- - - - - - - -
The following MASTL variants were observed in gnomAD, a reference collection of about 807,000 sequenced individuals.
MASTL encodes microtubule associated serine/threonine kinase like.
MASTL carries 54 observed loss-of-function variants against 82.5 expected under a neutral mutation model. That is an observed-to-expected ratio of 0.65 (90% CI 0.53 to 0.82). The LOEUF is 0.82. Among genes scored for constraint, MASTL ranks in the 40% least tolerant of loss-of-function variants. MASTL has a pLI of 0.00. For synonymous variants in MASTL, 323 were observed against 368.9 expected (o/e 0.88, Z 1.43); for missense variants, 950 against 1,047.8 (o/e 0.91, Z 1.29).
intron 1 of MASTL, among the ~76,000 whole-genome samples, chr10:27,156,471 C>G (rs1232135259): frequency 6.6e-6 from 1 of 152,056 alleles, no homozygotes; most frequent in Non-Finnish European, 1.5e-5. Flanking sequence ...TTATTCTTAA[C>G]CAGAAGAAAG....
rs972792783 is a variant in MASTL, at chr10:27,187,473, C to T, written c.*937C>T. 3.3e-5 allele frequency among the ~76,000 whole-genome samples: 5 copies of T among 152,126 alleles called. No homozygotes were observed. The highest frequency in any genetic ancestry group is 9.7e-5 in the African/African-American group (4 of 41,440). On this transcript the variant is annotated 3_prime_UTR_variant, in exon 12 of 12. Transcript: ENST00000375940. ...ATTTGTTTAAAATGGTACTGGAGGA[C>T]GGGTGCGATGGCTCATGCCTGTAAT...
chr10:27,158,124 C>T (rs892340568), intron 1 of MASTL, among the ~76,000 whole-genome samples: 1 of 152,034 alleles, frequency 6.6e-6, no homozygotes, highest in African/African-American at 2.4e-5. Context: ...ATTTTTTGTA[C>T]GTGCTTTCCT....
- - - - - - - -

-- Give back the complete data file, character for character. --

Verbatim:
The following MASTL variants were observed in gnomAD, a reference collection of about 807,000 sequenced individuals.
MASTL encodes microtubule associated serine/threonine kinase like.
MASTL carries 54 observed loss-of-function variants against 82.5 expected under a neutral mutation model. That is an observed-to-expected ratio of 0.65 (90% CI 0.53 to 0.82). The LOEUF is 0.82. Among genes scored for constraint, MASTL ranks in the 40% least tolerant of loss-of-function variants. MASTL has a pLI of 0.00. For synonymous variants in MASTL, 323 were observed against 368.9 expected (o/e 0.88, Z 1.43); for missense variants, 950 against 1,047.8 (o/e 0.91, Z 1.29).
intron 1 of MASTL, among the ~76,000 whole-genome samples, chr10:27,156,471 C>G (rs1232135259): frequency 6.6e-6 from 1 of 152,056 alleles, no homozygotes; most frequent in Non-Finnish European, 1.5e-5. Flanking sequence ...TTATTCTTAA[C>G]CAGAAGAAAG....
rs972792783 is a variant in MASTL, at chr10:27,187,473, C to T, written c.*937C>T. 3.3e-5 allele frequency among the ~76,000 whole-genome samples: 5 copies of T among 152,126 alleles called. No homozygotes were observed. The highest frequency in any genetic ancestry group is 9.7e-5 in the African/African-American group (4 of 41,440). On this transcript the variant is annotated 3_prime_UTR_variant, in exon 12 of 12. Transcript: ENST00000375940. ...ATTTGTTTAAAATGGTACTGGAGGA[C>T]GGGTGCGATGGCTCATGCCTGTAAT...
chr10:27,158,124 C>T (rs892340568), intron 1 of MASTL, among the ~76,000 whole-genome samples: 1 of 152,034 alleles, frequency 6.6e-6, no homozygotes, highest in African/African-American at 2.4e-5. Context: ...ATTTTTTGTA[C>T]GTGCTTTCCT....